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Published on December 21st, 2010 | by Tina Casey


Chevy Volt Recycles Gulf Oil Spill for Car Parts

December 21st, 2010 by  

GM recycles Gulf oil spill to make parts for Volt electric vehicleWhen life hands you lemons, you should make…car parts!?! That’s pretty much the idea behind GM’s latest green maneuver. Not content to introduce its Chevy Volt electric-gasoline vehicle as an all-American car for all Americans while creating a bonanza of green jobs (and more green jobs) in the U.S., GM has also found a way to recycle the remains of the nation’s biggest environmental disaster into parts for more Volts. The new parts will be made with plastic resin produced out of the oil-soaked booms from BP’s oil spill in the Gulf of Mexico.

From the Gulf Oil Spill to the Chevy Volt

This was no easy operation for GM, which had to partner with four different companies to recycle the booms: Heritage Environmental collected the booms, Mobile Fluid Recovery dried them, Lucent Polymers transformed the material into a resin for die-mold production, and GDC Inc. produced the components. In addition to the recycled booms, the components also use recycled tires from a GM test facility, along with other post-consumer recycled plastics and other materials. The resulting parts are designed to deflect air around the Volt’s radiator.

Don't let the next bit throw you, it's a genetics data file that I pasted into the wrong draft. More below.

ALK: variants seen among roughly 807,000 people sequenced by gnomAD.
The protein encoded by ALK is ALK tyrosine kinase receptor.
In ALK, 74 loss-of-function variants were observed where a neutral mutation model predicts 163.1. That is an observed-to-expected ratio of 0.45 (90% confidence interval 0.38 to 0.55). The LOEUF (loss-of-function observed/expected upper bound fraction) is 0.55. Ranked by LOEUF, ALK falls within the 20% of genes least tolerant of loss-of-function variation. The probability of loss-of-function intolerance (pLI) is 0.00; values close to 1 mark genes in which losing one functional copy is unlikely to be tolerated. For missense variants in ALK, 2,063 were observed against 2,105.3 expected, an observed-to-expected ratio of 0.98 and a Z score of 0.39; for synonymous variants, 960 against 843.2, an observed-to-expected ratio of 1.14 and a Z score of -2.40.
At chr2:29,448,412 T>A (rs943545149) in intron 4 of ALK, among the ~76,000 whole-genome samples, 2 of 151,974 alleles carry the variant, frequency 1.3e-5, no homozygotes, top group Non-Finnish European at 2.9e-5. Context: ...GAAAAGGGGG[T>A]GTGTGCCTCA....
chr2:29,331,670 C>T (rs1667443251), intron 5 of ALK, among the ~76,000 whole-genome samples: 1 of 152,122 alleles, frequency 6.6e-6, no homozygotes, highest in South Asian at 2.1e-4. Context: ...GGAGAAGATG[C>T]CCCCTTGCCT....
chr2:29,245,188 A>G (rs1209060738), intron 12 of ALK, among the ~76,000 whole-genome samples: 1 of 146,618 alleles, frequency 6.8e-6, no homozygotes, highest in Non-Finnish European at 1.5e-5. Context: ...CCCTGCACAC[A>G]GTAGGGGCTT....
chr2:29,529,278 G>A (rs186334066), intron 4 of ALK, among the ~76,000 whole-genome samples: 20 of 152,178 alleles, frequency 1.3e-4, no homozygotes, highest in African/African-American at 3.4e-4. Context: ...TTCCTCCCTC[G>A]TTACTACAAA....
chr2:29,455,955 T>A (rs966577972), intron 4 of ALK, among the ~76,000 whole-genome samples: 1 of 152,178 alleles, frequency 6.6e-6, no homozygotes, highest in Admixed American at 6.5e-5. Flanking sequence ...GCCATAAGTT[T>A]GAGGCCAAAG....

Recycling Environmental Disasters

GM notes that the boom recycling program is just one relatively small part of its waste reduction efforts, but it is an intriguing one. As we transition out of a period of unsustainable energy production, new technologies are creating opportunities not only to recycle the aftermath of man-made disasters, but also to address imbalances related to global warming. For example, a new breakthrough in seaweed-to-biofuel production may some day lead to a cost-effective means of producing energy while remediating algae blooms and other overloads in the marine environment.

Image: Booms for Gulf oil spill by uscgd8 courtesy of U.S. Navy on flickr.com. 


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About the Author

specializes in military and corporate sustainability, advanced technology, emerging materials, biofuels, and water and wastewater issues. Tina’s articles are reposted frequently on Reuters, Scientific American, and many other sites. Views expressed are her own. Follow her on Twitter @TinaMCasey and Google+.

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